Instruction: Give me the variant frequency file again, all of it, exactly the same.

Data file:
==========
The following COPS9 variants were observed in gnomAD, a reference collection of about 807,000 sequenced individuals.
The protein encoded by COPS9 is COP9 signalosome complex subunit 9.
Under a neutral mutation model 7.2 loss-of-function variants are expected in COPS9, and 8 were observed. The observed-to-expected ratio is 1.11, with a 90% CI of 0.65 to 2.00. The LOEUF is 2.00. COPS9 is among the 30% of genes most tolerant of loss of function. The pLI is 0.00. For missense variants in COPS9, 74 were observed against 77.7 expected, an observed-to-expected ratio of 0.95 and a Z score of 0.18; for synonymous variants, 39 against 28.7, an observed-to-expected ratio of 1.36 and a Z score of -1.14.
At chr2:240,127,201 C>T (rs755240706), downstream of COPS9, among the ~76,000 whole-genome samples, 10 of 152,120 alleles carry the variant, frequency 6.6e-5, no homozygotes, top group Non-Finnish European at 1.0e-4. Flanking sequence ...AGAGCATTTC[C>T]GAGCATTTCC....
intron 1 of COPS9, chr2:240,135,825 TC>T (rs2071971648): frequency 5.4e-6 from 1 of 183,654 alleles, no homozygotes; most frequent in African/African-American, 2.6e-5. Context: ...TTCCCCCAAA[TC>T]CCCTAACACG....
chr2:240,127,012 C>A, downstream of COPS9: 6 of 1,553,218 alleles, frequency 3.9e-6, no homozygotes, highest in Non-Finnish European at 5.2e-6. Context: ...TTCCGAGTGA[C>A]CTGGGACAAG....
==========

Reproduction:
The following COPS9 variants were observed in gnomAD, a reference collection of about 807,000 sequenced individuals.
The protein encoded by COPS9 is COP9 signalosome complex subunit 9.
Under a neutral mutation model 7.2 loss-of-function variants are expected in COPS9, and 8 were observed. The observed-to-expected ratio is 1.11, with a 90% CI of 0.65 to 2.00. The LOEUF is 2.00. COPS9 is among the 30% of genes most tolerant of loss of function. The pLI is 0.00. For missense variants in COPS9, 74 were observed against 77.7 expected, an observed-to-expected ratio of 0.95 and a Z score of 0.18; for synonymous variants, 39 against 28.7, an observed-to-expected ratio of 1.36 and a Z score of -1.14.
At chr2:240,127,201 C>T (rs755240706), downstream of COPS9, among the ~76,000 whole-genome samples, 10 of 152,120 alleles carry the variant, frequency 6.6e-5, no homozygotes, top group Non-Finnish European at 1.0e-4. Flanking sequence ...AGAGCATTTC[C>T]GAGCATTTCC....
intron 1 of COPS9, chr2:240,135,825 TC>T (rs2071971648): frequency 5.4e-6 from 1 of 183,654 alleles, no homozygotes; most frequent in African/African-American, 2.6e-5. Context: ...TTCCCCCAAA[TC>T]CCCTAACACG....
chr2:240,127,012 C>A, downstream of COPS9: 6 of 1,553,218 alleles, frequency 3.9e-6, no homozygotes, highest in Non-Finnish European at 5.2e-6. Context: ...TTCCGAGTGA[C>A]CTGGGACAAG....